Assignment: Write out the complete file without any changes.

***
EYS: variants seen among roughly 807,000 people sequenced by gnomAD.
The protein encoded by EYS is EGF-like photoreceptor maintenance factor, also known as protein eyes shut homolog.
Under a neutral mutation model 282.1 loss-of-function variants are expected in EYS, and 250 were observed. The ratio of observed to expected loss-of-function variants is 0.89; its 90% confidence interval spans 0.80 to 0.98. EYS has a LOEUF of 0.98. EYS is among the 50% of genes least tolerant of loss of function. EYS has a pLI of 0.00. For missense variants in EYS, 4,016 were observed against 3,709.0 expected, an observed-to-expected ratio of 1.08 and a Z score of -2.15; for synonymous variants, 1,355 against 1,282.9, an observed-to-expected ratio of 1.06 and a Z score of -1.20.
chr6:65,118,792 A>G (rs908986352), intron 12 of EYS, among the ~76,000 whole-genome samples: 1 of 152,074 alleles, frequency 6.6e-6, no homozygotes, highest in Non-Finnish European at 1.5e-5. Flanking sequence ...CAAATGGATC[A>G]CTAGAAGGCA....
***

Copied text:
EYS: variants seen among roughly 807,000 people sequenced by gnomAD.
The protein encoded by EYS is EGF-like photoreceptor maintenance factor, also known as protein eyes shut homolog.
Under a neutral mutation model 282.1 loss-of-function variants are expected in EYS, and 250 were observed. The ratio of observed to expected loss-of-function variants is 0.89; its 90% confidence interval spans 0.80 to 0.98. EYS has a LOEUF of 0.98. EYS is among the 50% of genes least tolerant of loss of function. EYS has a pLI of 0.00. For missense variants in EYS, 4,016 were observed against 3,709.0 expected, an observed-to-expected ratio of 1.08 and a Z score of -2.15; for synonymous variants, 1,355 against 1,282.9, an observed-to-expected ratio of 1.06 and a Z score of -1.20.
chr6:65,118,792 A>G (rs908986352), intron 12 of EYS, among the ~76,000 whole-genome samples: 1 of 152,074 alleles, frequency 6.6e-6, no homozygotes, highest in Non-Finnish European at 1.5e-5. Flanking sequence ...CAAATGGATC[A>G]CTAGAAGGCA....